Lodz' Jewish cemetery the biggest in Europe

Lodz' Jewish cemetery is an impressive sight, with its long avenues, old trees, mausoleums that look like ancient temples and thousands of headstones. Some are badly weathered and it is impossible to read the inscriptions on many. Graves are covered in ivy and most of them date back to before the Second World War.

Today, Lodz's Jewish community is small compared to what it once was. At one time, it was the largest in Poland after Warsaw's. The cemetery is the biggest of its kind in Europe, with 180,000 graves, many of which are of historic interest.

Perhaps the biggest surprise the cemetery has to offer is that it still exists. The German occupying forces during World War II not only tried to exterminate the city's Jewish population, but destroyed almost all of its synagogues and attempted to wipe out all traces of Jewish culture. Lodz's Jewish cemetery was not spared

"In the 19th century, a third of Lodz's residents were Jews. At the beginning of the war about 230,000 lived here," says Anna Jozwiak as she points to the Star of David on the cemetery gates. The Nazis turned a portion of Lodz into a ghetto called Litzmannstadt.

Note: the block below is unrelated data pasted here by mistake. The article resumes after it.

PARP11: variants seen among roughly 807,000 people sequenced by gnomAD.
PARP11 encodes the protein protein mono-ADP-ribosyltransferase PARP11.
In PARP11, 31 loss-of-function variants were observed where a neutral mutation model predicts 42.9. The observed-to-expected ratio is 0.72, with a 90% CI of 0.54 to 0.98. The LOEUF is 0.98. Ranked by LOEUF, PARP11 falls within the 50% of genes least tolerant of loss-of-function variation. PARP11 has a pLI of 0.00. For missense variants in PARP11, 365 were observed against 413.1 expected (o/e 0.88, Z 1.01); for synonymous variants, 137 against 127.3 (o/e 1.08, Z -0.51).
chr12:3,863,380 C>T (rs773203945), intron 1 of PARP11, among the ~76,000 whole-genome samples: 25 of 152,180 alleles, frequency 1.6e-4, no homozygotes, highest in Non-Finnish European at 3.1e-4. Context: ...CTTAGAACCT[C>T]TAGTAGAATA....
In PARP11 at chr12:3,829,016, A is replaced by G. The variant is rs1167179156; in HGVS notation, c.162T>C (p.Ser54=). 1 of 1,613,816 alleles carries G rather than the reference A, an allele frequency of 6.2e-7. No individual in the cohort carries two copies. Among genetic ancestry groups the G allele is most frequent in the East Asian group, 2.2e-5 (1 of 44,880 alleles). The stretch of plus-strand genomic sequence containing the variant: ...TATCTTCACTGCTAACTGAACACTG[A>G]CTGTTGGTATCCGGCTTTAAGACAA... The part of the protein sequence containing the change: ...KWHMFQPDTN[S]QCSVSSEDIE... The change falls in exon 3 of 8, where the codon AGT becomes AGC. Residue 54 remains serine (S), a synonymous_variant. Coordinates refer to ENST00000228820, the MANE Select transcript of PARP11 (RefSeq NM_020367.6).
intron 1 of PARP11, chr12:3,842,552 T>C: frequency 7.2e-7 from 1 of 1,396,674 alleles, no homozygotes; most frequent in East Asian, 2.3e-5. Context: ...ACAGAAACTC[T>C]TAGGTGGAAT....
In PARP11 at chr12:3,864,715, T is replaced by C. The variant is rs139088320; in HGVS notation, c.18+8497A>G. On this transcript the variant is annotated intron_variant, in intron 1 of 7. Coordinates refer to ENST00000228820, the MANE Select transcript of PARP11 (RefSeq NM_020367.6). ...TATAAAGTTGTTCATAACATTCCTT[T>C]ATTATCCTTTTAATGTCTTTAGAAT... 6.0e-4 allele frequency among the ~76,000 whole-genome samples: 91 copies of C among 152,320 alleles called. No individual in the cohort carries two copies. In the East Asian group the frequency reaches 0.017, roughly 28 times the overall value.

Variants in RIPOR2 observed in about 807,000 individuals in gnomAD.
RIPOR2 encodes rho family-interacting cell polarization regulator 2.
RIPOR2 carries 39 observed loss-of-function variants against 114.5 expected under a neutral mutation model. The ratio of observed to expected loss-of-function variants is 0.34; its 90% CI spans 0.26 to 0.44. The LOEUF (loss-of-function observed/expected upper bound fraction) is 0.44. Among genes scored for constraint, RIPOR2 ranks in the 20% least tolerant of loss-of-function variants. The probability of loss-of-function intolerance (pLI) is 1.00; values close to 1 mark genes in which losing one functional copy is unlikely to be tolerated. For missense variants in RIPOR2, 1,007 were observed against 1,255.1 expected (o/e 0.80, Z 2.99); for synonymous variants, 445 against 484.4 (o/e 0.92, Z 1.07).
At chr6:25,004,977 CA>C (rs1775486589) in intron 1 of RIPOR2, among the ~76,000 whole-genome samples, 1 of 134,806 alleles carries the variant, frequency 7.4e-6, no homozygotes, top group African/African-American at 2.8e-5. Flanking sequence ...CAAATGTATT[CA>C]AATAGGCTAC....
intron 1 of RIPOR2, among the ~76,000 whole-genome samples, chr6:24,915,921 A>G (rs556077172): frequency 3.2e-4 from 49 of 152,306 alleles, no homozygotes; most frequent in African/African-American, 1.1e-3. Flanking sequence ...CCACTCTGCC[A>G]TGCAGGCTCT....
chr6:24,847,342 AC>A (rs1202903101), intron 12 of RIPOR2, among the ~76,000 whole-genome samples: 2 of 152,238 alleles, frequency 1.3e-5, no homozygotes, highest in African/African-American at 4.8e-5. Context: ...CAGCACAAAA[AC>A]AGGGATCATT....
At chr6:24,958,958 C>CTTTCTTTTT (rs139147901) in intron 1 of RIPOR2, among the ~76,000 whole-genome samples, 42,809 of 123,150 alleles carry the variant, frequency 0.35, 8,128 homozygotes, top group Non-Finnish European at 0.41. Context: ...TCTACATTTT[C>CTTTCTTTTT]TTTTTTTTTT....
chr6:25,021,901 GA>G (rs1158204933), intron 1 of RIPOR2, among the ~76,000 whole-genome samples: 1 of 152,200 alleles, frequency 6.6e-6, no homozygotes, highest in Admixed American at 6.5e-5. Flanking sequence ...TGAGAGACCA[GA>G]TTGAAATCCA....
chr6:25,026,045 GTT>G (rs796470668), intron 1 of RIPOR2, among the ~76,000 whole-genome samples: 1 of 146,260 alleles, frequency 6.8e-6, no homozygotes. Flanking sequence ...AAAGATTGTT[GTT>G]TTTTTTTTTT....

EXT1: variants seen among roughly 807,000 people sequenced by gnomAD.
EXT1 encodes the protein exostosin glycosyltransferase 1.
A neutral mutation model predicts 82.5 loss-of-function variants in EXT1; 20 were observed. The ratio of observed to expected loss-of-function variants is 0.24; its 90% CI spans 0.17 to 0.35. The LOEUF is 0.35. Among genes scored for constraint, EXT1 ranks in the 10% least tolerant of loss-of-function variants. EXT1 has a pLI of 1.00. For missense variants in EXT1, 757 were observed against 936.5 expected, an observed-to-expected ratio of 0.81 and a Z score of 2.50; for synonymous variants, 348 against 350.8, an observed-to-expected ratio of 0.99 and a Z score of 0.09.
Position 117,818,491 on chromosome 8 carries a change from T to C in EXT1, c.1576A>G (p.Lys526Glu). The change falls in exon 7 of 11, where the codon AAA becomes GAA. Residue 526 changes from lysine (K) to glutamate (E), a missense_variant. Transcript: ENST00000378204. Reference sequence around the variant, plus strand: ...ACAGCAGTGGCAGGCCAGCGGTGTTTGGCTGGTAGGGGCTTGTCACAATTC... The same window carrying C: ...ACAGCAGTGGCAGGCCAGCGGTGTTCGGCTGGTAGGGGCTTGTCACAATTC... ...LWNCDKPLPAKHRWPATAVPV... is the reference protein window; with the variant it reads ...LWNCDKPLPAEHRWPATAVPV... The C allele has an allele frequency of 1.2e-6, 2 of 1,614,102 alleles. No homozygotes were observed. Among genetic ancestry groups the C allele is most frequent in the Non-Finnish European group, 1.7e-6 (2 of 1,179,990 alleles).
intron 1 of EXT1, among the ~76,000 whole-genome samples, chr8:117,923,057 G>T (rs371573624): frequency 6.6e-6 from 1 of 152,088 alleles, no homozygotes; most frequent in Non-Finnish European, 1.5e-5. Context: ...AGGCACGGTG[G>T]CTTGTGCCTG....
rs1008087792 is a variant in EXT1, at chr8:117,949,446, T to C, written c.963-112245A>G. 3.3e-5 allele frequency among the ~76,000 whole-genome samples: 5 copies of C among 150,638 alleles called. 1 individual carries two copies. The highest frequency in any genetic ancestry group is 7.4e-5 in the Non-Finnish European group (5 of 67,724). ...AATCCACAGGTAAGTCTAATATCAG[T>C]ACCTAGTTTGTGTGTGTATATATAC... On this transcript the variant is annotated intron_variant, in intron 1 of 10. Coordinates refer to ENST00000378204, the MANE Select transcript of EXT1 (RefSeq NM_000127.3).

"About 200,000 Jews were held in the ghetto. Only a small portion - perhaps 800 - survived."

Some of those who died in the ghetto were buried in Lodz's Jewish cemetery. But most of the graves are older and date back to the time when Lodz was a growing industrial center. It expanded faster than any other in the region. (Earth Times)

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  1. The Jewish Cemetery of Thessaloniki/Salonica is the biggest Jewish cemetery ever to have existed from the 2nd centure CE until 1943 when Greek authorities demolished it; it was home to 350.000 to 500.000 tombs. Today even though the Aristotle University is built on top, graves from the 2nd century CE can still be found.

  2. I doubt that the Jewish cemetery in Lodz is the biggest in Europe. The much older cemetery in Warsaw -- and certainly the vast Kozma utca cemetery in Budapest -- include more burials. The Lodz Jewish cemetery does have a very informative web site that should be noted in your links -- http://www.jewishlodzcemetery.org/

    Ruth Ellen Gruber
    author, "National Geographic Jewish Heritage Travel: A Guide to Eastern Europe"

  3. The Jewish cemetery in Berlin Weissensee, established 1880, has nearly 118,000 graves, most of them still intact despite the Nazi terror.


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